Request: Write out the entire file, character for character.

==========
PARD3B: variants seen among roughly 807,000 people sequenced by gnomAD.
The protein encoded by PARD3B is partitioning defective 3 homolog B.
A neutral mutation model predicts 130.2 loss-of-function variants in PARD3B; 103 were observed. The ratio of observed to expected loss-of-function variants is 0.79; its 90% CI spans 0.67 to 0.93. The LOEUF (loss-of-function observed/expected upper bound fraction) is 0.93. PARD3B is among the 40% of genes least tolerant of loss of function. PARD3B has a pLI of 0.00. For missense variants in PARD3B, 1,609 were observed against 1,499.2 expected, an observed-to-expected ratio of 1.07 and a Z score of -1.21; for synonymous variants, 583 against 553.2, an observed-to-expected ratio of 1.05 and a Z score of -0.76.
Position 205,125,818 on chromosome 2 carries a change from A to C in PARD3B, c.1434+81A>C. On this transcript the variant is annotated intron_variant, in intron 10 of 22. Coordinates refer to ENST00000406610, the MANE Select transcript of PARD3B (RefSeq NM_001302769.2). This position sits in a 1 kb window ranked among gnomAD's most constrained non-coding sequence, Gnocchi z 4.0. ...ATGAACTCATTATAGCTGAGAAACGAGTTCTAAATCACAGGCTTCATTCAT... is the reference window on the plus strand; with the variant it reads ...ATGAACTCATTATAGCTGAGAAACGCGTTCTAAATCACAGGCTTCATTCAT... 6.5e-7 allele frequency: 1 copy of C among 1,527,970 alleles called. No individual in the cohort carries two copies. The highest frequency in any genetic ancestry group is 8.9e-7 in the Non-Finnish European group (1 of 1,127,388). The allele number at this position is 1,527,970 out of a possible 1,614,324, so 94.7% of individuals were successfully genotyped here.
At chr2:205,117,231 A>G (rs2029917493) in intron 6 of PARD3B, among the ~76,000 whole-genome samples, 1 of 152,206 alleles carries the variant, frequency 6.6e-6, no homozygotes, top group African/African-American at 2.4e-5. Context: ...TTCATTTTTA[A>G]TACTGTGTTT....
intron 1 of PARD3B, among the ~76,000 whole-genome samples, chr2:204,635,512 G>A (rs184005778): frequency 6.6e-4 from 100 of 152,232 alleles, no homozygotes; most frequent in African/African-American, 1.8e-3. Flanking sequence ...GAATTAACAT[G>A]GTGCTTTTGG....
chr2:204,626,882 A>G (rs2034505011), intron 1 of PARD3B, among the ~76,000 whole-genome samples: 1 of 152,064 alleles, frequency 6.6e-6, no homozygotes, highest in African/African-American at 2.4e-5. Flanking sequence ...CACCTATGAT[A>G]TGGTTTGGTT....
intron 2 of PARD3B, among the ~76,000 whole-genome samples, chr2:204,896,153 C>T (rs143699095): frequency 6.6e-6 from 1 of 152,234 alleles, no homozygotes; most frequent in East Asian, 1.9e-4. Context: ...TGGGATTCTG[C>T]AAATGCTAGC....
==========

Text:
PARD3B: variants seen among roughly 807,000 people sequenced by gnomAD.
The protein encoded by PARD3B is partitioning defective 3 homolog B.
A neutral mutation model predicts 130.2 loss-of-function variants in PARD3B; 103 were observed. The ratio of observed to expected loss-of-function variants is 0.79; its 90% CI spans 0.67 to 0.93. The LOEUF (loss-of-function observed/expected upper bound fraction) is 0.93. PARD3B is among the 40% of genes least tolerant of loss of function. PARD3B has a pLI of 0.00. For missense variants in PARD3B, 1,609 were observed against 1,499.2 expected, an observed-to-expected ratio of 1.07 and a Z score of -1.21; for synonymous variants, 583 against 553.2, an observed-to-expected ratio of 1.05 and a Z score of -0.76.
Position 205,125,818 on chromosome 2 carries a change from A to C in PARD3B, c.1434+81A>C. On this transcript the variant is annotated intron_variant, in intron 10 of 22. Coordinates refer to ENST00000406610, the MANE Select transcript of PARD3B (RefSeq NM_001302769.2). This position sits in a 1 kb window ranked among gnomAD's most constrained non-coding sequence, Gnocchi z 4.0. ...ATGAACTCATTATAGCTGAGAAACGAGTTCTAAATCACAGGCTTCATTCAT... is the reference window on the plus strand; with the variant it reads ...ATGAACTCATTATAGCTGAGAAACGCGTTCTAAATCACAGGCTTCATTCAT... 6.5e-7 allele frequency: 1 copy of C among 1,527,970 alleles called. No individual in the cohort carries two copies. The highest frequency in any genetic ancestry group is 8.9e-7 in the Non-Finnish European group (1 of 1,127,388). The allele number at this position is 1,527,970 out of a possible 1,614,324, so 94.7% of individuals were successfully genotyped here.
At chr2:205,117,231 A>G (rs2029917493) in intron 6 of PARD3B, among the ~76,000 whole-genome samples, 1 of 152,206 alleles carries the variant, frequency 6.6e-6, no homozygotes, top group African/African-American at 2.4e-5. Context: ...TTCATTTTTA[A>G]TACTGTGTTT....
intron 1 of PARD3B, among the ~76,000 whole-genome samples, chr2:204,635,512 G>A (rs184005778): frequency 6.6e-4 from 100 of 152,232 alleles, no homozygotes; most frequent in African/African-American, 1.8e-3. Flanking sequence ...GAATTAACAT[G>A]GTGCTTTTGG....
chr2:204,626,882 A>G (rs2034505011), intron 1 of PARD3B, among the ~76,000 whole-genome samples: 1 of 152,064 alleles, frequency 6.6e-6, no homozygotes, highest in African/African-American at 2.4e-5. Flanking sequence ...CACCTATGAT[A>G]TGGTTTGGTT....
intron 2 of PARD3B, among the ~76,000 whole-genome samples, chr2:204,896,153 C>T (rs143699095): frequency 6.6e-6 from 1 of 152,234 alleles, no homozygotes; most frequent in East Asian, 1.9e-4. Context: ...TGGGATTCTG[C>T]AAATGCTAGC....